The coronavirus vaccine developed by Valneva was successful in a late-stage clinical trial, the French company announced on Monday.
Based on a trial with 4,012 participants, Valneva said that its vaccine prevented coronavirus infections at a similar rate to the Oxford/AstraZeneca shot. It also stimulated the creation of protective antibodies at a higher rate than the vaccine with which it was being compared.
The Valneva shot is the only vaccine on clinical trial in Europe based on an inactivated, adjuvanted virus vector — a more traditional form of vaccine than mRNA or adenoviral-vector shots. Similar technology is used in the Chinese vaccines from Sinopharm and Sinovac.
In terms of safety, Valneva said that participants who received its vaccine reported “significantly fewer” adverse side-effects when compared with Oxford/AstraZeneca.
Analysis shows that the shot provoked the creation of a broad spectrum of T-cells, which along with antibodies give protection against the coronavirus, and which are understood to be linked with long-term immunity.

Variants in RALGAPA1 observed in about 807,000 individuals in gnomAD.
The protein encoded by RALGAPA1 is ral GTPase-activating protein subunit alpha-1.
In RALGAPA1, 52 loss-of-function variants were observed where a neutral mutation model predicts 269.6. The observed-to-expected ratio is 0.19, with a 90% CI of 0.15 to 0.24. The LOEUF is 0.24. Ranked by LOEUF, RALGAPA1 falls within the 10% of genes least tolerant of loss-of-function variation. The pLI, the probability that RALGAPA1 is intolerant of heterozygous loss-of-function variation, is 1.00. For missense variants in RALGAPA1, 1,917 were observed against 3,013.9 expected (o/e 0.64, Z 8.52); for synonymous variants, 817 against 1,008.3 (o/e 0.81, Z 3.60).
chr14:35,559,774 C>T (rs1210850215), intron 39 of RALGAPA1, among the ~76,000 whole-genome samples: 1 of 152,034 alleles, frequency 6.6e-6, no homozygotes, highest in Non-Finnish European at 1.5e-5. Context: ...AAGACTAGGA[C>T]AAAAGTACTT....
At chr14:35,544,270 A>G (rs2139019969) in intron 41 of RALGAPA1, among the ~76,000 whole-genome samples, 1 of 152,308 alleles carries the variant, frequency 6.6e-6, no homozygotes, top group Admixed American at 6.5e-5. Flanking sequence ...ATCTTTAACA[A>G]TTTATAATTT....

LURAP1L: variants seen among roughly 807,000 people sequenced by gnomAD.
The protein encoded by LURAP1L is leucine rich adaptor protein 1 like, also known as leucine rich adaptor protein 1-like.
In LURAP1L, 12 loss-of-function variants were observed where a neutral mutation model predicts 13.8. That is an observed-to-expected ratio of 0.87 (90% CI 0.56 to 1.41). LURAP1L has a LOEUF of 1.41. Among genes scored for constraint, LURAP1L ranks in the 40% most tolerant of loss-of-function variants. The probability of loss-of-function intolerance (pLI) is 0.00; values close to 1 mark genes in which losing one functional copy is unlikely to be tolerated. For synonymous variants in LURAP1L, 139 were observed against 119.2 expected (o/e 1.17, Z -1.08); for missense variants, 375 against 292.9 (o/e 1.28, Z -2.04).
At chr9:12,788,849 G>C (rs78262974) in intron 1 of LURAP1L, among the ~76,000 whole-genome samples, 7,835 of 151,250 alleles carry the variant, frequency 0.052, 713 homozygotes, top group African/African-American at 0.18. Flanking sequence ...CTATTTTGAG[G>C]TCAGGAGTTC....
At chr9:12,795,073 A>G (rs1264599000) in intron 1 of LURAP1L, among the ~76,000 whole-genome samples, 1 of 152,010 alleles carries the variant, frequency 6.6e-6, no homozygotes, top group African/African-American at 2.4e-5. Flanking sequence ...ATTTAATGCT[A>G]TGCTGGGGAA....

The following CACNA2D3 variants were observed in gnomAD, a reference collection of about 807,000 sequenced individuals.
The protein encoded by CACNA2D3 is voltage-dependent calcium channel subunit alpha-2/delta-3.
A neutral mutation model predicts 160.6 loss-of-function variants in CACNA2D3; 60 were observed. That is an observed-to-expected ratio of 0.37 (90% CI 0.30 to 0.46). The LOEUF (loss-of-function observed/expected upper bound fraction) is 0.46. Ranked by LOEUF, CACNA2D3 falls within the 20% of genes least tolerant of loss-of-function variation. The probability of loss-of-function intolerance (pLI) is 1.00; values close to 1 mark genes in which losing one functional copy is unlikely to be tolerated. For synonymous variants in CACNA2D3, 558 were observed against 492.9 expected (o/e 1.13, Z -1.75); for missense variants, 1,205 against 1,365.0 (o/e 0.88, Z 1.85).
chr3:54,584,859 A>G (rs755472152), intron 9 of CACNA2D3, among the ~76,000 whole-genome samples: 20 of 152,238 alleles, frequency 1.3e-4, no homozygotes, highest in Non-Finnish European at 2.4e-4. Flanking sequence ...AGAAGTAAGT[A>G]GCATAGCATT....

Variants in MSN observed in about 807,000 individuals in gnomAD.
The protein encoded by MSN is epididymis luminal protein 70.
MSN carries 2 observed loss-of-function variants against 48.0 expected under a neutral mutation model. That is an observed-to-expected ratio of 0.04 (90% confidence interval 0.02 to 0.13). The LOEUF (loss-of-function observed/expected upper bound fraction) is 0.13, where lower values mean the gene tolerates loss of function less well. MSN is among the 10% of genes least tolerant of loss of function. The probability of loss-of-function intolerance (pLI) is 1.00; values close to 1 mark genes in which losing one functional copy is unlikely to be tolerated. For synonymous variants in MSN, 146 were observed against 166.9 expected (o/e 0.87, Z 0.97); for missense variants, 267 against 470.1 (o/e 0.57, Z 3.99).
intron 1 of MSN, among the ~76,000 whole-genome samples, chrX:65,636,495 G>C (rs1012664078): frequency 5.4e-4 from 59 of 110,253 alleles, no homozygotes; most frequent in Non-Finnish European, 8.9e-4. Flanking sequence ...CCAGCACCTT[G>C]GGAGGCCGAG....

If Valneva is approved it could help further diversify vaccine production and the use of an inactivated virus vector could also benefit the developing world which already has facilities to manufacture the older technology.
The French company has already submitted its vaccine candidate to the U.K.’s medicines regulator for rolling review, and said that final quality controls were taking place before it submitted a final clinical study report. It was preparing to submit a rolling review application with the European Medicines Agency, Valneva added.